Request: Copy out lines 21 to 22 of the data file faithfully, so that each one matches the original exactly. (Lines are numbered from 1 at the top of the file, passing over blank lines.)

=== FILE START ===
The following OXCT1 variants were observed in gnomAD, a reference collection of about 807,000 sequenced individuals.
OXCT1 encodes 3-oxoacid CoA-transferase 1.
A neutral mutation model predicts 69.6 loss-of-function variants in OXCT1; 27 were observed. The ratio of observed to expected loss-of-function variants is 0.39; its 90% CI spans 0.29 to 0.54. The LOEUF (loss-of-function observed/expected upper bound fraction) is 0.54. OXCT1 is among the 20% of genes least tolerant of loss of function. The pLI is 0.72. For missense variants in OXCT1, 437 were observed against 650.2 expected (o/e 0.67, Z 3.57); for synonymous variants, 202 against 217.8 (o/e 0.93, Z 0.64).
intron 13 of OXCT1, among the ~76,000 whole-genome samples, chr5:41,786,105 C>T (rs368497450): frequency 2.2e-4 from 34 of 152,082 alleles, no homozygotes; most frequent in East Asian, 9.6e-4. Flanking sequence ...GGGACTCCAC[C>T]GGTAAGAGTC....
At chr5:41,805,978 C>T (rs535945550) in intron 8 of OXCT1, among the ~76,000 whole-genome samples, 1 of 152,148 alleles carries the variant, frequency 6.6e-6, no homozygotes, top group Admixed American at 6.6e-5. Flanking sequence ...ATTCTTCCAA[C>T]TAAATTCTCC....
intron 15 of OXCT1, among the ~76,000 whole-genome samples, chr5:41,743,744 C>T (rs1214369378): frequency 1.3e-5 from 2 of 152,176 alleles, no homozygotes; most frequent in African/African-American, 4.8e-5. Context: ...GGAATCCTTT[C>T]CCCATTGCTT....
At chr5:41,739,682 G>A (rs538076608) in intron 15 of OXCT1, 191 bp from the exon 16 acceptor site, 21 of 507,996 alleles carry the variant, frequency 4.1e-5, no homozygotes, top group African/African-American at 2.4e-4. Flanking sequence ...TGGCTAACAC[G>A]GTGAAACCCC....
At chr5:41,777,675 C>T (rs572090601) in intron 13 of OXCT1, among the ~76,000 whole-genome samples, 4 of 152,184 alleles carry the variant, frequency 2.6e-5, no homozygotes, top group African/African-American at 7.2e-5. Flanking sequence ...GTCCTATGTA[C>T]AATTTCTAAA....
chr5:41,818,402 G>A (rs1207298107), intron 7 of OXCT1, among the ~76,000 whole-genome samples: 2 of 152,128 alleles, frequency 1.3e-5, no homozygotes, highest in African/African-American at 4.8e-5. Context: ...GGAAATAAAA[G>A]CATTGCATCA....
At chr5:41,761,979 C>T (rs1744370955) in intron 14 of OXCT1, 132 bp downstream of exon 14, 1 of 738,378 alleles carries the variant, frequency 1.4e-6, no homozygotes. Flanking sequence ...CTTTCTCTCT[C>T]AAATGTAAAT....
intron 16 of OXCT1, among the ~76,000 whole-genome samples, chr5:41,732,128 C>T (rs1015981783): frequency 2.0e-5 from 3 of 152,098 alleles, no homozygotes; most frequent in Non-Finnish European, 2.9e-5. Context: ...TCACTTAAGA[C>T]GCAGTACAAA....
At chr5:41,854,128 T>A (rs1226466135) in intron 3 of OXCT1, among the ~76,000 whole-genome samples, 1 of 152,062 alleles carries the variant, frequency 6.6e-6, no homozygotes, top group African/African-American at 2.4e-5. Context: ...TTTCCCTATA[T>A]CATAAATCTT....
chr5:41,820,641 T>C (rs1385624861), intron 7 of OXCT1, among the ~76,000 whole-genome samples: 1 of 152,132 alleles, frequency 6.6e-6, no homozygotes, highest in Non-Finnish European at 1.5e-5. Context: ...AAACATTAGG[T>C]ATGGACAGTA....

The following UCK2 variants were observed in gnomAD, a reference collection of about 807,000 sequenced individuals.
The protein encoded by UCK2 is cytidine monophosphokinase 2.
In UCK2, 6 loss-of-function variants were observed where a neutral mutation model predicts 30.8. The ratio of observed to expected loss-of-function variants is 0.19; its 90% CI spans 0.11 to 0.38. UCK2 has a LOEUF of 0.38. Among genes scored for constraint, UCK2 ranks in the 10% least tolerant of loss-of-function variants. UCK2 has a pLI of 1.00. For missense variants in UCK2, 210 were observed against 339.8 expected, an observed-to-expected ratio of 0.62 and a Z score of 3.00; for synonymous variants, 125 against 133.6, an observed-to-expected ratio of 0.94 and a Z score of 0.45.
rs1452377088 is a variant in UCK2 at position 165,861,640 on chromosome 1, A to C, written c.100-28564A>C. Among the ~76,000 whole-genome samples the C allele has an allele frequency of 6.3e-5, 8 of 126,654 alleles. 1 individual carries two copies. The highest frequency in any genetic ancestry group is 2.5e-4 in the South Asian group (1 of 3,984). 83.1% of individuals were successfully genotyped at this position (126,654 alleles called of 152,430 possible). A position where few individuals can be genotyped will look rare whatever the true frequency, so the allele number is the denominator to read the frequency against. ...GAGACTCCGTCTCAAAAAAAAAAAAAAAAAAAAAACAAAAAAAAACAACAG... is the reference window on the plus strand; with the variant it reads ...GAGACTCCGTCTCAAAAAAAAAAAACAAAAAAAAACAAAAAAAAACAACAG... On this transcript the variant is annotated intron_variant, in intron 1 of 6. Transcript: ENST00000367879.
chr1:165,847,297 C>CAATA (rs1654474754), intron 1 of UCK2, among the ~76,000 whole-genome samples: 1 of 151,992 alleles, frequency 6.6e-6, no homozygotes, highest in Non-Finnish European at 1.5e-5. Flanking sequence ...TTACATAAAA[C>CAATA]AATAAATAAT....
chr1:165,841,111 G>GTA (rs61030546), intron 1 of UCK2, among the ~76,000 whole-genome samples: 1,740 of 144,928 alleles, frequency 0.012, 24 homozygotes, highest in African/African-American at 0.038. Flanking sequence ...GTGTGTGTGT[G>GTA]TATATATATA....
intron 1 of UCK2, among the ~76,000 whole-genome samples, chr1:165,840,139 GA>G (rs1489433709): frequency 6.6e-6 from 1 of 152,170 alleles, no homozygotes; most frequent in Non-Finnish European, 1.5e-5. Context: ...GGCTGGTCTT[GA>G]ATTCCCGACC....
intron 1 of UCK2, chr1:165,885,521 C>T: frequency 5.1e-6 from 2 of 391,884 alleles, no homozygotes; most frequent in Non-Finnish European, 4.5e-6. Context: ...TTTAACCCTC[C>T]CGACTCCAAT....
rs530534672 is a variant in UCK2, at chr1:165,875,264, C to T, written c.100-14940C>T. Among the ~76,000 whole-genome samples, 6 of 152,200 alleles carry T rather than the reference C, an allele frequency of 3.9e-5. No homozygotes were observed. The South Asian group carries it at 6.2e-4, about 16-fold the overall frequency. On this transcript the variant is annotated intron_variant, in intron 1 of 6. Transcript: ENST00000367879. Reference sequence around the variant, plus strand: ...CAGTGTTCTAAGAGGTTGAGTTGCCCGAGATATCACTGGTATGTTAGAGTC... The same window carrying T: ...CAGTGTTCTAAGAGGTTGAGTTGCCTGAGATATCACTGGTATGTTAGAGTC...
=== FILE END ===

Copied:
intron 1 of UCK2, chr1:165,885,521 C>T: frequency 5.1e-6 from 2 of 391,884 alleles, no homozygotes; most frequent in Non-Finnish European, 4.5e-6. Context: ...TTTAACCCTC[C>T]CGACTCCAAT....
rs530534672 is a variant in UCK2, at chr1:165,875,264, C to T, written c.100-14940C>T. Among the ~76,000 whole-genome samples, 6 of 152,200 alleles carry T rather than the reference C, an allele frequency of 3.9e-5. No homozygotes were observed. The South Asian group carries it at 6.2e-4, about 16-fold the overall frequency. On this transcript the variant is annotated intron_variant, in intron 1 of 6. Transcript: ENST00000367879. Reference sequence around the variant, plus strand: ...CAGTGTTCTAAGAGGTTGAGTTGCCCGAGATATCACTGGTATGTTAGAGTC... The same window carrying T: ...CAGTGTTCTAAGAGGTTGAGTTGCCTGAGATATCACTGGTATGTTAGAGTC...